Ripple vs. SEC: Everything You Need to Understand About the Lawsuit
- Ripple Lab created a RippleNet network enabling real-time settlement of transactions using cryptocurrency.
- Ripple was accused of raising 14.6 billion from 2013-20202 without submitting any registered paperwork required.
- The judgment favored both parties, giving them partial victories.
- The outcome of the lawsuit can alter the regulatory landscape of the cryptocurrency industry.
The Securities and Exchange Commission (SEC) sued Ripple Labs and its CEOs in 2020, alleging Ripple was using XRP for fundraising purposes instead of its intended usage.
The SEC said that Ripple promised billions of XRP in exchange for non-cash services and conducted an unregistered initial public offering (IPO) of XRP, selling tokens to investors globally without proper registration.
However, in a recent ruling, the judge presiding over the landmark SEC v. Ripple case, Judge Analisa Torres, found that the cryptocurrency company had not broken any laws relating to securities when it sold its XRP token on open markets. This crypto guide article will discuss everything you need to understand about this lawsuit. Let’s get started.
What are the SEC’s Allegations Against Ripple?
Ripple Labs was established in 2012 to give financial institutions access to speedy and affordable international money transfers through their RippleNet network. The company created it to enable real-time settlement of transactions using the cryptocurrency XRP to make this a reality.
When Ripple Labs’ founders used XRP as a digital asset to generate money in 2013, it eventually served more purposes than those it was first intended for. The SEC accused them (along with two of its employees: Christian Larsen and Brad Garlinghouse) of selling unregistered securities worth more than $1.3 billion to the general public using their company-offered XRP over several years.
Transactions from 2013 until late 2020 that accounted for the sale of more than 14.6 billion XRP for cash were disclosed in the SEC filing. Moreover, the SEC said Ripple never submitted registration paperwork, which is necessary for businesses operating in the capital market when looking to raise money from the general public.
In action, the regulator alleged that Ripple had “created an information vacuum” by withholding information it did not deem necessary to divulge. They, to put it simply, sought to conceal it.
According to the SEC, XRP is security; since security might be any other analogous entity that serves no other purpose, it is often a financial instrument that can be traded and denotes ownership or a portion of a corporation.
How did the SEC Qualified Ripple as a Security?
The SEC used the Howey test, according to which, determining whether an investment contract qualifies as a security for purposes of the Securities Act of 1933 and the Securities Exchange Act of 1934 is vital.
It is rather straightforward that it is projected as security if investors do not influence the asset. So, did XRP meet the criteria of the Howey test?
According to SEC laws, securities must be registered with the SEC, and some financial information must be made available to the public.
The goal is to safeguard investors’ interests while guarding against fraud. In the end, the SEC found that XRP met the criteria of the Howey test and is a security.
Do You Know?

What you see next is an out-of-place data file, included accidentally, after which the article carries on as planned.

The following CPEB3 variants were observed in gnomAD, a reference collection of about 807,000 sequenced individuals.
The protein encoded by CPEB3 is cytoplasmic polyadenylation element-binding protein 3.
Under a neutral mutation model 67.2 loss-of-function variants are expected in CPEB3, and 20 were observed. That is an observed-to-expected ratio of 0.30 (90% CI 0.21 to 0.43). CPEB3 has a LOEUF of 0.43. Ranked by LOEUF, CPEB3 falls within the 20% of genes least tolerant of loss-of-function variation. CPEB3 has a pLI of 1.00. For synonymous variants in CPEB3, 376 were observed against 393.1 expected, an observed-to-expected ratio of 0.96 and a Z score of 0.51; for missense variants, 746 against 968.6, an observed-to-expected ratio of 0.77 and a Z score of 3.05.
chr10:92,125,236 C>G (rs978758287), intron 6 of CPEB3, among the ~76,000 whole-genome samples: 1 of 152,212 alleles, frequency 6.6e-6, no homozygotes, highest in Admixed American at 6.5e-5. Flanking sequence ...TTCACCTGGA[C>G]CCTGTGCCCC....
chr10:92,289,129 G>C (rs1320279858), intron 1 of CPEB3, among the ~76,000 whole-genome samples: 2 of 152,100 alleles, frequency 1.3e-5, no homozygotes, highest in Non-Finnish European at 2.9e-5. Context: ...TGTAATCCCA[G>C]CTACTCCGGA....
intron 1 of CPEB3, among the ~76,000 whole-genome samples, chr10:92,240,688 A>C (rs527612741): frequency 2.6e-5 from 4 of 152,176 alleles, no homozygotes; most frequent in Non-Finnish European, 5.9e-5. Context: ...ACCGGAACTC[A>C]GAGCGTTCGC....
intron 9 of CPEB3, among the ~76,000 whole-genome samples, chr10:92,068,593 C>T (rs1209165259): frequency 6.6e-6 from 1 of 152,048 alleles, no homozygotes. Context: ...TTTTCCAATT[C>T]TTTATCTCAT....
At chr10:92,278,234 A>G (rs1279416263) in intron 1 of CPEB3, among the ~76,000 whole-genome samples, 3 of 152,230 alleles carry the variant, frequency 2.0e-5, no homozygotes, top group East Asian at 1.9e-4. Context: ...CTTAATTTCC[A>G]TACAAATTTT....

The Ripple company was founded by software developer Ryan Fugger in 2004, even before Bitcoin was introduced in the market. It was later co-founded in 2012 by Chris Larsen and Jed McCaleb.
What is the Judgement?
On July 13, 2023, the Southern District of New York (SDNY.) The United States District Court delivered its eagerly anticipated ruling on the case. The SEC and Ripple Labs received partial victories in Judge Analisa Torres’ decision, granting some of each party’s requests.
Judge Torres ruled that XRP is not an investment contract that satisfies the Howey test standards since it is a digital token and not a “contract, transaction, or scheme.” The court specifically said that the circumstances of each type of transaction must be considered, rejecting the concept that all tokens are securities.
As such, it amounted to four different transaction types for Ripple Labs, three of which Judge Torres said did not qualify as securities transactions. Ripple’s written contracts-based sales of XRP to institutional investors fall within the category of transaction types deemed to be securities.
The sale of XRP by Ripple to programmatic buyers (i.e., to the general public through digital asset exchanges or trading algorithms), the distribution of XRP as payment (e.g., to employees), and the sale of XRP to programmatic buyers by the defendants (Larsen and Garlinghouse) do not constitute the unlawful offer and sale of securities.
The court also rejected the well-praised “Fair Notice” defense. It concluded that the SEC gave Ripple and the other parties adequate explanations of the rules and regulations governing the institutional sales of XRP.
Last but not least, Judge Torres explicitly declined to expand the scope of her opinion to include secondary market sales of XRP or other tokens, stating that the totality of the circumstances and the viability of that particular contract, transaction, or scheme would determine whether a secondary market sale constitutes an offer or sale of an investment contract.
Although the SEC has yet to confirm, there is an expectation that the judgment will be appealed in some quarters. Nevertheless, the outcome of the SEC v. Ripple lawsuit could still alter the regulatory landscape for the whole cryptocurrency industry.
What isn’t yet apparent is whether the judgment will stand and how subsequent lawsuits against cryptocurrency companies will be handled.